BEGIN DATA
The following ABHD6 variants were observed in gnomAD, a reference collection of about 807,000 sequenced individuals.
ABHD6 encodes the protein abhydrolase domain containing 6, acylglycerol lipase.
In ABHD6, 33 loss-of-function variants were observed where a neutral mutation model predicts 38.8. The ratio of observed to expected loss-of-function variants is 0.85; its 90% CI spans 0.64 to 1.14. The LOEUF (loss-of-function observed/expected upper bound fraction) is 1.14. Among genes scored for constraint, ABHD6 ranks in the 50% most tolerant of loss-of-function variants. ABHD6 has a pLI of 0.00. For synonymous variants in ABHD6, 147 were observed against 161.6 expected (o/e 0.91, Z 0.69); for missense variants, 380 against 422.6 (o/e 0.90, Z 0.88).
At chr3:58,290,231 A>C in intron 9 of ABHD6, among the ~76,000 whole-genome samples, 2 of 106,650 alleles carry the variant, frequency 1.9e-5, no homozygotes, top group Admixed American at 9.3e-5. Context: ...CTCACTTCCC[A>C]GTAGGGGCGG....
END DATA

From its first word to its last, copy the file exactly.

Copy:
The following ABHD6 variants were observed in gnomAD, a reference collection of about 807,000 sequenced individuals.
ABHD6 encodes the protein abhydrolase domain containing 6, acylglycerol lipase.
In ABHD6, 33 loss-of-function variants were observed where a neutral mutation model predicts 38.8. The ratio of observed to expected loss-of-function variants is 0.85; its 90% CI spans 0.64 to 1.14. The LOEUF (loss-of-function observed/expected upper bound fraction) is 1.14. Among genes scored for constraint, ABHD6 ranks in the 50% most tolerant of loss-of-function variants. ABHD6 has a pLI of 0.00. For synonymous variants in ABHD6, 147 were observed against 161.6 expected (o/e 0.91, Z 0.69); for missense variants, 380 against 422.6 (o/e 0.90, Z 0.88).
At chr3:58,290,231 A>C in intron 9 of ABHD6, among the ~76,000 whole-genome samples, 2 of 106,650 alleles carry the variant, frequency 1.9e-5, no homozygotes, top group Admixed American at 9.3e-5. Context: ...CTCACTTCCC[A>C]GTAGGGGCGG....